I'll also second the egg thing. Eggs are fantastic and versatile, omelettes with whites only are light and help perk up the mornings, add mushrooms tomatoes or whatever you prefer.
posted by dabitch at 9:05 AM on February 11, 2005 [1 favorite]


I had the same issue when I was pregnant...and I didn't even have a toddler to take care of, so I can't imagine how you are surviving! I pretty much threw out all of my normal dietary restrictions and focused on getting as much protein as I could in my body...I was a vegetarian before getting pregnant, but started eating chicken and even steak sandwiches (yuck!)...but it definitely helped my energy levels, most noticeably making it easier to wake up in the mornings.

Also...just a suggestion though I'm sure your doc is on top of this...are you anemic or almost-anemic? Because iron supplements also helped me tremendously as far as energy levels went. There is a certain type that is most easily absorbed into the body--ferrous-fumerate, I think...?
posted by eileen at 9:55 AM on February 11, 2005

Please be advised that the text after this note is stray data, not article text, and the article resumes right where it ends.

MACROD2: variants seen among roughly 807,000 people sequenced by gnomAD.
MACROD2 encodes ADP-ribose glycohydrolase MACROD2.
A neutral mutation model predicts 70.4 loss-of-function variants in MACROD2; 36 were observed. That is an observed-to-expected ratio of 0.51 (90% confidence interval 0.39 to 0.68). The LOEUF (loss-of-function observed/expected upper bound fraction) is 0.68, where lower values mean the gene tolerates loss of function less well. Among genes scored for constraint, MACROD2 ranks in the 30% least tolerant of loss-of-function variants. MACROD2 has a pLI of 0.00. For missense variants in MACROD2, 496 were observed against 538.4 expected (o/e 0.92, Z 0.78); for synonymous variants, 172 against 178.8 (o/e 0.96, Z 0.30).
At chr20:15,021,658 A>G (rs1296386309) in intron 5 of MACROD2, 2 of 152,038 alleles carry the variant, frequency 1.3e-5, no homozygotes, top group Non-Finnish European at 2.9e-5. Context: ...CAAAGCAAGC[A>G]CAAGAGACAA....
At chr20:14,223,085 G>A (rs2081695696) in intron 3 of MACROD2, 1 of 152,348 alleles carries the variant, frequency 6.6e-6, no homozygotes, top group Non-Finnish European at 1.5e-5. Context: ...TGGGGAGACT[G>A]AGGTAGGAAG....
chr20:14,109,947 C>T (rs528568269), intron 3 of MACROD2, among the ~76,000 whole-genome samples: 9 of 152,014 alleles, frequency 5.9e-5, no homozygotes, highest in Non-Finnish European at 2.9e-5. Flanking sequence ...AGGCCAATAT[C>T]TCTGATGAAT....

Definately consider the iron thing. Pregnant women neend more iron and it can have a dramatic effect on your energy levels. Talk to your doc about it. I had to add iron when I was expecting. Just be sure to eat a lot of fibre-rich foods as well because iron can lead to constipation and lots of fruits and veggies can help combat that side effect. Foods w/iron (other than red meat) include: lentils, molasses, leafy dark green veggies (like spinach and borccoli).
posted by raedyn at 10:09 AM on February 11, 2005


If you hate oatmeal, but still want to try it, McCann's makes the best oatmeal ever. Even the long-prep stuff in the tin can be made faster if you plan ahead, it's whole grain, and it kicks the butt of the Quaker Oat guy. Add peanut butter and you have an energy-laden breakfast.
posted by Medieval Maven at 10:21 AM on February 11, 2005